On Microsoft’s inability to innovate

Thu, Feb 4, 2010

Featured, News

The New York Times has an intresting piece titled “Microsoft’s Creative Destruction” that takes a look at some of the reasons why Microsoft, who ruled the tech world back in the 90’s, has curiously been unable to succesfully innovate in a commercially viable way over the past few years. Microsoft Surface anyone? The author of the article is Dick Brass (what a name!), who served as Microsoft’s vice president from 1997 to 2004.

What happened? Unlike other companies, Microsoft never developed a true system for innovation. Some of my former colleagues argue that it actually developed a system to thwart innovation. Despite having one of the largest and best corporate laboratories in the world, and the luxury of not one but three chief technology officers, the company routinely manages to frustrate the efforts of its visionary thinkers.

And when you toss in inter-company competition without a clearly delineated objective, rivalries between varying product groups can also become destructive.

For example, early in my tenure, our group of very clever graphics experts invented a way to display text on screen called ClearType. It worked by using the color dots of liquid crystal displays to make type much more readable on the screen. Although we built it to help sell e-books, it gave Microsoft a huge potential advantage for every device with a screen. But it also annoyed other Microsoft groups that felt threatened by our success.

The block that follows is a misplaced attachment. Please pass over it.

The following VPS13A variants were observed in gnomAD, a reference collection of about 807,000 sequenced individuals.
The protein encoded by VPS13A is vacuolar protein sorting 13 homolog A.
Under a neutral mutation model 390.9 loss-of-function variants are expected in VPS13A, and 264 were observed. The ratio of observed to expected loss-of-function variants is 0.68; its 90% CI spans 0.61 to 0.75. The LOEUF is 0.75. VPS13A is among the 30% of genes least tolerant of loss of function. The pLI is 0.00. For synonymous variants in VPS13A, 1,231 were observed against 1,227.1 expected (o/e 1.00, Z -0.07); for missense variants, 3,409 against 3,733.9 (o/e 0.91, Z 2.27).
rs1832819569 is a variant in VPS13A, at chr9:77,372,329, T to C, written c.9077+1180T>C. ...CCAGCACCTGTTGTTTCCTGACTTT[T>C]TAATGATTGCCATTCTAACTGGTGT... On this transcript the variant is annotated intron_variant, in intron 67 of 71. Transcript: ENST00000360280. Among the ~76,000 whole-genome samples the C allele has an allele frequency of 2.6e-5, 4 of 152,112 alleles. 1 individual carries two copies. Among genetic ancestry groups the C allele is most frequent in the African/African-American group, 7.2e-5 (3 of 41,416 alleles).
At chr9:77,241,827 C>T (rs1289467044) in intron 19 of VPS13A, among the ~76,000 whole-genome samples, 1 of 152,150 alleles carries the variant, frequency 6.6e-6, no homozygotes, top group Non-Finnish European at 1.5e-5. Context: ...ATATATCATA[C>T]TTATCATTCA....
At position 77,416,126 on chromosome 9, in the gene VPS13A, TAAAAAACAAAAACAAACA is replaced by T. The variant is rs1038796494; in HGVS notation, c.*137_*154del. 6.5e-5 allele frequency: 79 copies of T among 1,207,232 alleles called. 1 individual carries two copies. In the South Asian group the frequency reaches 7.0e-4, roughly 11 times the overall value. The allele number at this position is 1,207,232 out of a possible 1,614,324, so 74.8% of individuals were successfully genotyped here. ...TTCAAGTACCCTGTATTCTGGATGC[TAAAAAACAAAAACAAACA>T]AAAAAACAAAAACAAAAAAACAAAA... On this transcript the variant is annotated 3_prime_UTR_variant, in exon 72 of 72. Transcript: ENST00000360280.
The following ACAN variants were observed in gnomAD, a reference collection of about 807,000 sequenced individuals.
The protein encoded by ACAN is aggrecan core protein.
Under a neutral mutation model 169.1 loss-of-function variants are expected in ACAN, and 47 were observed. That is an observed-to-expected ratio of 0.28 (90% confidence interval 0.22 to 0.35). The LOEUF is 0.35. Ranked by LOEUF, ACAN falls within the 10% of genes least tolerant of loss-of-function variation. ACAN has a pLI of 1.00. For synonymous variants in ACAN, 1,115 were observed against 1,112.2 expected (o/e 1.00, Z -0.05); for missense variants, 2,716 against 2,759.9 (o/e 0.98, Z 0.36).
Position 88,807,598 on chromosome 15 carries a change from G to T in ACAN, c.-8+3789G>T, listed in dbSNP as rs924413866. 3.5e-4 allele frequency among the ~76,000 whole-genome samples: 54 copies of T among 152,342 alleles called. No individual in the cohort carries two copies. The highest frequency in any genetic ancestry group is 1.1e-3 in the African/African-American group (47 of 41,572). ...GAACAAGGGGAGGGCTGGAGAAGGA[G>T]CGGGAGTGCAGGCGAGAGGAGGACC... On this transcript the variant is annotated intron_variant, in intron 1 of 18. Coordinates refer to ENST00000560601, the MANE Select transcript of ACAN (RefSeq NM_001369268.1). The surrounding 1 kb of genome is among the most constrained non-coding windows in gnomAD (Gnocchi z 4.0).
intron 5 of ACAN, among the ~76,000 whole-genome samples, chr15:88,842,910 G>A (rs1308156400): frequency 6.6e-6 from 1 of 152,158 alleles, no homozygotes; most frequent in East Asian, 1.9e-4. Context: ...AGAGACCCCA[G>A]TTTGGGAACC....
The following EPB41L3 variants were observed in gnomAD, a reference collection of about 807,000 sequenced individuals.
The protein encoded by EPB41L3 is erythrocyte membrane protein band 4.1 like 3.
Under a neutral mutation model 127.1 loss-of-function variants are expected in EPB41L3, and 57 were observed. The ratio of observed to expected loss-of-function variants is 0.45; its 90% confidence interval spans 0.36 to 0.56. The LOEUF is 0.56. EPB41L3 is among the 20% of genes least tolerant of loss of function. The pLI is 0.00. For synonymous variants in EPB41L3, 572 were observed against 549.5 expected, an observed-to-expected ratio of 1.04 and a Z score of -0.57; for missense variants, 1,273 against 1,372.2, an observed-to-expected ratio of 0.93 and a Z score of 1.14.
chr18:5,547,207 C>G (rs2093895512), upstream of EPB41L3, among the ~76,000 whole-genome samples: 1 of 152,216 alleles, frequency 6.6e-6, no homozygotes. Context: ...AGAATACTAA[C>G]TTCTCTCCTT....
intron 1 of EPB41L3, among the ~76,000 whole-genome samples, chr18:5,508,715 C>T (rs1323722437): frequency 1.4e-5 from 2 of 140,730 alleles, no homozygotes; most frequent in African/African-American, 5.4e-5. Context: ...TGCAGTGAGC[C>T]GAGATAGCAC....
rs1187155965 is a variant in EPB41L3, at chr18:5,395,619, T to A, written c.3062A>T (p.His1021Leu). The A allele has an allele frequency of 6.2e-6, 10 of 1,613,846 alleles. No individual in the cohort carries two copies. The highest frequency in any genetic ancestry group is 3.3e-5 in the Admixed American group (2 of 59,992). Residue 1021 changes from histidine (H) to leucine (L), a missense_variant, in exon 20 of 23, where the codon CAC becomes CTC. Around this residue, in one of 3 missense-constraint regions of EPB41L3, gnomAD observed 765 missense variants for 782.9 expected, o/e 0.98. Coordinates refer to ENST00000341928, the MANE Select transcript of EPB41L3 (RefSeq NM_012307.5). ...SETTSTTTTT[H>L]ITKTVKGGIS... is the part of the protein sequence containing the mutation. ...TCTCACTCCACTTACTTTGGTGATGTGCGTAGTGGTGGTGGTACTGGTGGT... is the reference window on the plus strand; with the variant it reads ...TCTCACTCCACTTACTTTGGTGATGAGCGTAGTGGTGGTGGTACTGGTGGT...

Engineers in the Windows group falsely claimed it made the display go haywire when certain colors were used. The head of Office products said it was fuzzy and gave him headaches. The vice president for pocket devices was blunter: he’d support ClearType and use it, but only if I transferred the program and the programmers to his control. As a result, even though it received much public praise, internal promotion and patents, a decade passed before a fully operational version of ClearType finally made it into Windows.

And this is where hiring the right kind of people makes a world of difference. You want to hire people who are excited about new innovations and what it may mean for the company, not people who are reflexively threatened by advances spearheaded by others. This type of negative mentality also played a role in Microsoft’s bumbling attempts at creating a tablet, an initiative which actually stretches back several years before Apple eventually introduced the iPad.

Another example: When we were building the tablet PC in 2001, the vice president in charge of Office at the time decided he didn’t like the concept. The tablet required a stylus, and he much preferred keyboards to pens and thought our efforts doomed. To guarantee they were, he refused to modify the popular Office applications to work properly with the tablet. So if you wanted to enter a number into a spreadsheet or correct a word in an e-mail message, you had to write it in a special pop-up box, which then transferred the information to Office. Annoying, clumsy and slow.

So once again, even though our tablet had the enthusiastic support of top management and had cost hundreds of millions to develop, it was essentially allowed to be sabotaged. To this day, you still can’t use Office directly on a Tablet PC. And despite the certainty that an Apple tablet was coming this year, the tablet group at Microsoft was eliminated.

You can check out the entire article over here. It’s highly recommend and a very informative read.



1 Comments For This Post

  1. Flyte Says:

    I agree that using a tablet for word processing is pointless. You’ll never be able to type as fast or as accurately on a touch screen (even a multi-touch one) as you can on a physical keyboard. The whole reason people can touch-type is because they can feel where the buttons are and don’t have to look down and position each finger by sight.

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